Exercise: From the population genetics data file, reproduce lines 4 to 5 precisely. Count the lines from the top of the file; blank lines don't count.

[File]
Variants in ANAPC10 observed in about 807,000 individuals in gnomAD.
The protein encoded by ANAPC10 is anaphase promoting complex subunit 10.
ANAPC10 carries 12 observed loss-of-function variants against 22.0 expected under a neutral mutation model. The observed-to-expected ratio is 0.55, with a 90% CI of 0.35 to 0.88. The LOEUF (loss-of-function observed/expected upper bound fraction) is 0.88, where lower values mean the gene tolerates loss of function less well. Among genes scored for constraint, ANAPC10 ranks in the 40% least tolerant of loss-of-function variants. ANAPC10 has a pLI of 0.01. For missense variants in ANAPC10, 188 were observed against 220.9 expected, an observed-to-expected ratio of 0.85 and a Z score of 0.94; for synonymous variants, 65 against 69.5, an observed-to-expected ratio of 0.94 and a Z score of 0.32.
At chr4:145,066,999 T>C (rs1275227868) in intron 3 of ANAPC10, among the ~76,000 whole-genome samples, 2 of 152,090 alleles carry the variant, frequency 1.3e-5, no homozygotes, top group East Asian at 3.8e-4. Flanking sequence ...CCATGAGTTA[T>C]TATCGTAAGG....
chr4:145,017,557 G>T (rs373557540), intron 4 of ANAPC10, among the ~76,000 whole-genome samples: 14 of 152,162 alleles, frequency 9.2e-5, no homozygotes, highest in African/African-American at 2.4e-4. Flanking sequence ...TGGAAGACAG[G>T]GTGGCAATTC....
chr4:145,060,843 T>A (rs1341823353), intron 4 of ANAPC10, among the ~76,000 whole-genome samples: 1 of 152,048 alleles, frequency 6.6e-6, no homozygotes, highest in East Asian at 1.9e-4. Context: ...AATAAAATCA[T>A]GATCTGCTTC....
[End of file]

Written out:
At chr4:145,066,999 T>C (rs1275227868) in intron 3 of ANAPC10, among the ~76,000 whole-genome samples, 2 of 152,090 alleles carry the variant, frequency 1.3e-5, no homozygotes, top group East Asian at 3.8e-4. Flanking sequence ...CCATGAGTTA[T>C]TATCGTAAGG....
chr4:145,017,557 G>T (rs373557540), intron 4 of ANAPC10, among the ~76,000 whole-genome samples: 14 of 152,162 alleles, frequency 9.2e-5, no homozygotes, highest in African/African-American at 2.4e-4. Flanking sequence ...TGGAAGACAG[G>T]GTGGCAATTC....